Objective: To investigate time trends in the incidence of parkinsonism and PD over a 15-year period (1976 to 1990). Methods: The authors used the medical records-linkage system of the Rochester Epidemiology Project to identify incidence cases of parkinsonism in Olmsted County, MN, over three 5-year periods, 1976 to 1980, 1981 to 1985, and 1986 to 1990. PD and other types of parkinsonism were classified using defined criteria. Population denominators were derived from census data and were corrected by removing prevalent cases of parkinsonism. Results: Over the 15 years of the study, 364 cases of parkinsonism were identified; 154 (42%) of them had PD. The incidence of parkinsonism remained stable over the three 5-year periods for the age classes 0 to 39, 40 to 59, and 60 to 69 years. For the age class 70 to 99 years, there was some increase over time mainly owing to an increased incidence of drug-induced parkinsonism. The incidence of PD remained stable over the three 5-year periods for all age classes. Results were similar when considering men and women separately. No birth-cohort effect was present for parkinsonism. Comparison with three previous studies in the same population did not reveal any major long-term secular trends in the incidence of parkinsonism. Conclusions: The findings for PD over 15 years and comparison of the findings with historical data for parkinsonism over half a century suggest that no major environmental risk factors for PD (e.g., environmental toxins, drugs, diet constituents, or infectious agents) were introduced or removed from this population during these periods.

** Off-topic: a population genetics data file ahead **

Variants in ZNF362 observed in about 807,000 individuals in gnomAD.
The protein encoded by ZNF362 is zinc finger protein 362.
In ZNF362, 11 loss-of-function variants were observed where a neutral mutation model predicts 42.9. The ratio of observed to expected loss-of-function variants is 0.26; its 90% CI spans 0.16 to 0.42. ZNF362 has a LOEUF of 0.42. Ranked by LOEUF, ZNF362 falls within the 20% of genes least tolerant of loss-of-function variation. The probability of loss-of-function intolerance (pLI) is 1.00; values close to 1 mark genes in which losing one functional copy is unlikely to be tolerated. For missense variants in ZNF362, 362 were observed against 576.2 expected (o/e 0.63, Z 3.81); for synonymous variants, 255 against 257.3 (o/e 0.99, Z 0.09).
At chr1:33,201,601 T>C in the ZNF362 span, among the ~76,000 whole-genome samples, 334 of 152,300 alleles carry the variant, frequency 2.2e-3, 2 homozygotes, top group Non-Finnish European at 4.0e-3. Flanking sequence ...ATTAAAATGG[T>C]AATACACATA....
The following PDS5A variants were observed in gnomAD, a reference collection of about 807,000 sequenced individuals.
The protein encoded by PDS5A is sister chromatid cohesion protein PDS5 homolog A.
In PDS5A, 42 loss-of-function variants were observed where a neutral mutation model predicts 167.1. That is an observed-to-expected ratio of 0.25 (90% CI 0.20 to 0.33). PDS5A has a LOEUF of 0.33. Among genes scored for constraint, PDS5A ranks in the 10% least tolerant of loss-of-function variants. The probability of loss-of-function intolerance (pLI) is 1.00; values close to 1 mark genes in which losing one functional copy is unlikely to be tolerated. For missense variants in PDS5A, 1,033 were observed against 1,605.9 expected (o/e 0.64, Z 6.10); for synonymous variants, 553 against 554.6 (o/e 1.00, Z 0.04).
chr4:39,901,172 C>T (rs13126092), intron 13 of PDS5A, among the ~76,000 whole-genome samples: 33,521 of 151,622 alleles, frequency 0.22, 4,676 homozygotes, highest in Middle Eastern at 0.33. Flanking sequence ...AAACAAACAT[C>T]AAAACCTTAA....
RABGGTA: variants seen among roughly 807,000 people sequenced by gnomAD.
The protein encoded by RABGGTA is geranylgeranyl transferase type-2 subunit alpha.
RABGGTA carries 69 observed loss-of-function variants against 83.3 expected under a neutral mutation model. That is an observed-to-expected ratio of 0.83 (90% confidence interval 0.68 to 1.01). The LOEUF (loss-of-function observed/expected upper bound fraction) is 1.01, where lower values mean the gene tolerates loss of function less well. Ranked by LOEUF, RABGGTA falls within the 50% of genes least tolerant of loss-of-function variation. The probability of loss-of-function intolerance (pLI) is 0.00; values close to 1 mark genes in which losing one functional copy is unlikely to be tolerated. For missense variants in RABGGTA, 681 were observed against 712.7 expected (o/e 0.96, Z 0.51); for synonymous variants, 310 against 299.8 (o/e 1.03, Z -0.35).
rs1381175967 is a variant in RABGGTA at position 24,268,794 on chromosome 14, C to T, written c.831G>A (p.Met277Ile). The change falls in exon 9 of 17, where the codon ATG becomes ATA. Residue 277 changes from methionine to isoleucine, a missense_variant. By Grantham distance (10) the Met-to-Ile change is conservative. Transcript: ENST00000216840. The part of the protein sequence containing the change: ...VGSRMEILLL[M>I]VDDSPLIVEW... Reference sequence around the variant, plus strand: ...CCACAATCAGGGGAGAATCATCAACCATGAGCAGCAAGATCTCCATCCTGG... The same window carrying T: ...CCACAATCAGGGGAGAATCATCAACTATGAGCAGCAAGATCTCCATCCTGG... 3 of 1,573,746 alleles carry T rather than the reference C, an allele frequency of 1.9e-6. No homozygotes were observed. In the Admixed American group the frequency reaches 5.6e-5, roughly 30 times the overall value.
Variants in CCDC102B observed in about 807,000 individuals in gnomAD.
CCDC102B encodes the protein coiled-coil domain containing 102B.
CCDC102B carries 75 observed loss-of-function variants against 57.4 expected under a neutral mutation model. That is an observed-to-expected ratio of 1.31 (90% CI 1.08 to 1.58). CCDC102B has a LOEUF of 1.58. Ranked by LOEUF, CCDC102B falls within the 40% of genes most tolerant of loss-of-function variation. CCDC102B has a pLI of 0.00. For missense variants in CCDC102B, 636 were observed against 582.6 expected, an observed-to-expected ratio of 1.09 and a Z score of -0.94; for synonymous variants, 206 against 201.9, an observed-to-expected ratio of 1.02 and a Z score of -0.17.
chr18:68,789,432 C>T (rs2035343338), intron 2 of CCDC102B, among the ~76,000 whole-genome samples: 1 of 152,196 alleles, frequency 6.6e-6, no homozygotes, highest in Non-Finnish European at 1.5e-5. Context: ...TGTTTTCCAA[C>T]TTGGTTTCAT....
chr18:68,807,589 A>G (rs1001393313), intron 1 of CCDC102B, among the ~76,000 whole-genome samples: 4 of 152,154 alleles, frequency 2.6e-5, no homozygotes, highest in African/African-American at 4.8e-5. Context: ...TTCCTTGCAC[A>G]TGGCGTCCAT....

|Original language||English (US)|
|Number of pages||6|
|State||Published - Aug 14 2001|
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